4. No more Velcro.
Many of you hate the Velcro on your Army Combat Uniform.
"To my understanding, Velcro was introduced to save time and money, but in my experience, there is not a whole lot of benefit to it," said Sgt. 1st Class Jean Burgos. "Once the Velcro is worn out, it is almost impossible to get your hook-and-loop fastener to stay put. This is especially true with the patches that have a tab."
Sgt. Travis Rock feels the same way.
"This Velcro has got to go," he said, adding that he wants the Army to go back to sew-on patches and name and branch tapes.
Velcro is "the most un-tactical thing we’ve added to uniforms next to the PT belt," said Capt. Kyle Viehman. "From [training] to real-world missions, Velcro is an annoyance. If you barely brush up against something or someone, rrrrrrrrrip. If you reach into a pocket and grab something, rrrrrrrrrip. And it can be heard from all over."
Viehman is in favor of zippers, buttons and sew-on patches.
Dailey said the Army is looking at removing the Velcro from the ACUs "because it’s an expense."
There are no plans to change the pattern or design of the uniform, but the Army is looking at how it can "continue to adapt the uniform for the future," Dailey said. "When you do things like remove Velcro, you reduce cost."
5. Put rank back on the ACU collar.
"Can we please get our rank back on our collar?" one soldier wrote. "It’s pretty uncomfortable having to look at a female soldier’s chest to see their rank."
The Army began placing rank insignia on soldiers’ chests instead of their collars when it rolled out the Army Combat Uniform.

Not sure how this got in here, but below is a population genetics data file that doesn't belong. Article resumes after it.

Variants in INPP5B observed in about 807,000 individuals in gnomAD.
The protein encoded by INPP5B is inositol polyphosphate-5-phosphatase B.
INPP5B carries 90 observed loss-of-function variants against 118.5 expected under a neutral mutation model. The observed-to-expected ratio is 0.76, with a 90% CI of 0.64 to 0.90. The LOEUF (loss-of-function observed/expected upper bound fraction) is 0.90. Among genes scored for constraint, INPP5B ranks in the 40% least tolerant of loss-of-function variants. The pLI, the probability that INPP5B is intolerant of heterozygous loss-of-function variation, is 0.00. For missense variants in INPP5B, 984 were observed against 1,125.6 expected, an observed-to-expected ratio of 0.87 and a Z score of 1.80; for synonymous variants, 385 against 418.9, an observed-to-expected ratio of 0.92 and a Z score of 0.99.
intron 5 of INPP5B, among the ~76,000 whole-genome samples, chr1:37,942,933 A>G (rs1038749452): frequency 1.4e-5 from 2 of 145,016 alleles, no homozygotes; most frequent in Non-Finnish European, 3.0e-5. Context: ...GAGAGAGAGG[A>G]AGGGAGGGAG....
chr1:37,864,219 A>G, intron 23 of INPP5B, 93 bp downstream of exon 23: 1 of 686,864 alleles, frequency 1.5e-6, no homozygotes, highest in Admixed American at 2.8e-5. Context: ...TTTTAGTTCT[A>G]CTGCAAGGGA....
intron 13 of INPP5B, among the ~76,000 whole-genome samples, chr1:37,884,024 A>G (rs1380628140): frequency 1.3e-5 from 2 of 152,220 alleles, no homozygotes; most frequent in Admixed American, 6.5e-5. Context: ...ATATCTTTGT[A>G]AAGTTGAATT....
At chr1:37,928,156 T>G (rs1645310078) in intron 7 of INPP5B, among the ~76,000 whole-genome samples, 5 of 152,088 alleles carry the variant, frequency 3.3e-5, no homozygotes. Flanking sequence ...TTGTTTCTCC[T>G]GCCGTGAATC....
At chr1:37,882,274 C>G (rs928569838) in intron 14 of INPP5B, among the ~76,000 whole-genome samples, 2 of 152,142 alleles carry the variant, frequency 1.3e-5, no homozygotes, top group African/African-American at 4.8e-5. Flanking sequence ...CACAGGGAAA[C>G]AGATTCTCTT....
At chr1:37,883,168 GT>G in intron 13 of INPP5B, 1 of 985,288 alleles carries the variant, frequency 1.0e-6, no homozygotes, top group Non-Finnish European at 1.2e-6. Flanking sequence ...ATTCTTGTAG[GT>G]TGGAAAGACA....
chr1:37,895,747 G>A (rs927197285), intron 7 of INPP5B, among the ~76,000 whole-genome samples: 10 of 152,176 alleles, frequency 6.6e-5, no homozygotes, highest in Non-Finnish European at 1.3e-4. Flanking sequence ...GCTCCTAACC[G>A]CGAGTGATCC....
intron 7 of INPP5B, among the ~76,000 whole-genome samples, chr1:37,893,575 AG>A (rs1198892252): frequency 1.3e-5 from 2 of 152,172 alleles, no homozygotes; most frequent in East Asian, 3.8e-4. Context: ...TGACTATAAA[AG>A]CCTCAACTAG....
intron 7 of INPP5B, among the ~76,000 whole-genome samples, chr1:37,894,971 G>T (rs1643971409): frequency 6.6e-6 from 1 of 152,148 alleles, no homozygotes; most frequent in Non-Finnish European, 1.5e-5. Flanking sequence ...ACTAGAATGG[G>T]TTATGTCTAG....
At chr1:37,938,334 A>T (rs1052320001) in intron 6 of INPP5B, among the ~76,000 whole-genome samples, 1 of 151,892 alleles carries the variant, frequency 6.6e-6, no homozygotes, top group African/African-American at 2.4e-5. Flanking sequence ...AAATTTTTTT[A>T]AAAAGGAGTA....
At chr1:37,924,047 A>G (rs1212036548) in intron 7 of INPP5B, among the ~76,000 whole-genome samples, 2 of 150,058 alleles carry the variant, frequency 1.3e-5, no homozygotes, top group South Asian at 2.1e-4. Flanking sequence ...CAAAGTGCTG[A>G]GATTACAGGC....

"The center of the chest is a ridiculous location on the uniform," wrote retired Col. Benny Richardson. "It almost seems like an afterthought as to where to place it after the ACU was developed. Not only is it difficult to see from a distance, it forces soldiers to stare into the chest of approaching soldiers."
Dailey said he’s heard this complaint from the force, but the number of dissenting voices is small.
The design of the ACU "was well-informed by soldiers," he said. "Soldiers designed this uniform, from top to bottom. I think if I did a survey, I think that the overwhelming number of people would say that this is the more appropriate thing to do."
Soldiers who wrote in to Army Times want the Army to put rank insignia back on the collar of the Army Combat Uniform.
Photo Credit: Sgt. Hector Rene Membreno-Canales/Army
6. Don't forget officer branch insignia on the ACU.
Many officers want their branch insignia back.
"If you walk into a [brigade combat team command post] these days, it’s hard to delineate or have an idea who is who and what their job is," one soldier wrote.
Another wrote that he deployed as a brigade fire support officer for an aviation brigade and "I had to explain my role weekly."
Dailey said he hasn’t really come across this issue.
"When I look back, I guess it would be nice. Basically now we’re looking at their badges to delineate who they are, where they came from," he said. "I’m a need guy. I’m trying to think, do we need to do it?"
7. Earrings and nail polish for female soldiers.
Many female soldiers want to be able to wear earrings in the Army Combat Uniform, plus some want the ability to wear nail polish.
Current Army policy bans them both. Earrings are allowed in the Army Service Uniform.
These are two of the most common requests he gets from soldiers, Dailey said.